Richard Fitch writes about Marty Brennaman's career as the Reds' broadcaster. Fitch praises Brennaman's honesty and forthrightness. At the same time, Fitch believes that Brennaman has lost his touch. Fitch points to Brennaman's criticisms of such players as Ken Griffey, Jr. and Joey Votto. The article mentions Brennaman's dislike of sabermetrics as a factor in his decline. I'm not sure I agree with that claim. Instead, I think his anti-sabermetrics viewpoint is a symptom of his natural downturn as a broadcaster. Brennaman has become too eager to give his opinion on anything and everything. His job as play-by-play man is to call the action, not to editorialize. An occasional aside is fine, but these brief opinion pieces are becoming diatribes. Vin Scully, Jon Miller, and Bob Uecker each share stories and information about players to provide context, but they rarely offer their opinions on matters not pertaining to the specific situation or game. For example, Murray Chass recently chatted with Scully and came away with this exchange featuring the Dodgers' broadcaster:
I asked Scully if he uses or pays attention to the new-fangled statistics.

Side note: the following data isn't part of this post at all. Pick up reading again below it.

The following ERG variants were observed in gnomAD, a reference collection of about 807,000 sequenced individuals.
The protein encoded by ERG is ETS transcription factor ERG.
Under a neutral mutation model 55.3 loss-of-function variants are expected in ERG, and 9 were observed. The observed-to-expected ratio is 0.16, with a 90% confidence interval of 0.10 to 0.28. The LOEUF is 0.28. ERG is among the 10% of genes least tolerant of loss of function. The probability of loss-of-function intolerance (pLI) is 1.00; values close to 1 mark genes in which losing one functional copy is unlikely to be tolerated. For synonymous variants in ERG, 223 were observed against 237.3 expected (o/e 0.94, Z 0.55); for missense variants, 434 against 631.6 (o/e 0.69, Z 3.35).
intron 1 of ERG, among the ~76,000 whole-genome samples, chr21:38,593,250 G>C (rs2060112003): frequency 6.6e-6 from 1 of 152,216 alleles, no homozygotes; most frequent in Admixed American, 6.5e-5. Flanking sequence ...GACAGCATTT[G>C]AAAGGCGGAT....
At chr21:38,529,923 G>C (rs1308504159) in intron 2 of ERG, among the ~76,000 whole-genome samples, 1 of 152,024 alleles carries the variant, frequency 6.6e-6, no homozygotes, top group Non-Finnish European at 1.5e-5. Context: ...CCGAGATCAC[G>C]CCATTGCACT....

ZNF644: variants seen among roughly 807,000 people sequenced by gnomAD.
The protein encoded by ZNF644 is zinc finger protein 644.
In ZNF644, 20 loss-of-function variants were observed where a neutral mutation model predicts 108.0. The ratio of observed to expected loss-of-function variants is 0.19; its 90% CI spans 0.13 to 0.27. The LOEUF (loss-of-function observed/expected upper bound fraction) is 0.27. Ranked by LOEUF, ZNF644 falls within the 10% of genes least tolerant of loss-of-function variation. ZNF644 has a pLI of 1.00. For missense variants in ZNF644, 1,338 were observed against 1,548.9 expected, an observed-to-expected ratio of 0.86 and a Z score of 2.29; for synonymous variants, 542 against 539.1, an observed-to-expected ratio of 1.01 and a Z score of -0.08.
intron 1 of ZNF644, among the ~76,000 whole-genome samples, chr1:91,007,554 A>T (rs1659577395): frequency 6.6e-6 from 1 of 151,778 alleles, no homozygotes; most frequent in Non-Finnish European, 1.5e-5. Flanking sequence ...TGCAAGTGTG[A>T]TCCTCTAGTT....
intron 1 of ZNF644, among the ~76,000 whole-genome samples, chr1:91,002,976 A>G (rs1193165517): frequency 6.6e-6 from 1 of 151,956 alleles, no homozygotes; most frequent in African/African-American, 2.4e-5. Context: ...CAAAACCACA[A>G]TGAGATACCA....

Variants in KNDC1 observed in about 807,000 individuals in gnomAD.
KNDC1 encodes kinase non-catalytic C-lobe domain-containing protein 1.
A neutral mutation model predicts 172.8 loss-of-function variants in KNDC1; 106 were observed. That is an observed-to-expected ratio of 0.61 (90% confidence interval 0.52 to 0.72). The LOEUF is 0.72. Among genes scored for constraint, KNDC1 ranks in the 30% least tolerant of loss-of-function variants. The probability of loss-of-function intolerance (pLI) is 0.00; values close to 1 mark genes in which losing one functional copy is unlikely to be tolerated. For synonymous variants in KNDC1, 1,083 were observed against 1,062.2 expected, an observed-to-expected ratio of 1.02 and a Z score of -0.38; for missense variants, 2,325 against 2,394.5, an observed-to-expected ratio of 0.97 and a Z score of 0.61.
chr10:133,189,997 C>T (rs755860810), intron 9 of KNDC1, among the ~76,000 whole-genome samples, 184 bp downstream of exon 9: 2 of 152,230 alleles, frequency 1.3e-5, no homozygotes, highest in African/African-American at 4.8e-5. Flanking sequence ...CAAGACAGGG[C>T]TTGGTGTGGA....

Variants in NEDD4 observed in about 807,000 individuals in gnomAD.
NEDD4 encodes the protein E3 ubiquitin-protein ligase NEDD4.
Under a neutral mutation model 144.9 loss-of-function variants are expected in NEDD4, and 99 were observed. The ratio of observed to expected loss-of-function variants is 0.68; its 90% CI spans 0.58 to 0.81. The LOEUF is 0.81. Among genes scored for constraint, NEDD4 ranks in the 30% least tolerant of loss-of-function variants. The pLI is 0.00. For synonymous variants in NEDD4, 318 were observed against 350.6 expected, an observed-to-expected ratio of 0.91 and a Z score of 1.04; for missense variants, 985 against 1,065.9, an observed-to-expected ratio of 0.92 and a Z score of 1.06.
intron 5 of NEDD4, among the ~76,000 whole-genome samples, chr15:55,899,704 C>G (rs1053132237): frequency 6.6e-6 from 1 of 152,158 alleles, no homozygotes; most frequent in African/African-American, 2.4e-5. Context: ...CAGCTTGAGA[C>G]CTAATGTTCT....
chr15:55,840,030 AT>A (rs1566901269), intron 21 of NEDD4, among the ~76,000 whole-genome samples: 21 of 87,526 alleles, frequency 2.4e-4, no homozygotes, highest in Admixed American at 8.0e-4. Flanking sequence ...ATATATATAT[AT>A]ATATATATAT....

"No," he said. "It's beyond me. I try to be as old-fashioned as possible - batting average, home runs, runs batted in, stolen bases. I don't disapprove of those who use them, but it's beyond me. It's too much for me."
Brennaman doesn't need to share his opinion on sabermetrics in the same way he doesn't need to share his opinion on the way the game is played, politics, or Miley Cyrus' appearance at the VMAs. He's increasingly shared his opinion on all of the above (well, not Miley Cyrus). That's not why we tune in to a baseball game on the radio.
Dayn Perry compares the playing careers of all thirty major league managers. Cincinnati's Dusty Baker comes in at number four, behind Ryne Sandberg, Robin Ventura, and Don Mattingly, which sounds about right to me.
St. Louis bolstered its bullpen by adding John Axford, who previously closed for the Brewers before losing the job to Jim Henderson. The Cardinals send a player to be named later to Milwaukee. The move makes sense for St. Louis as Edward Mujica has been working through some shoulder issues.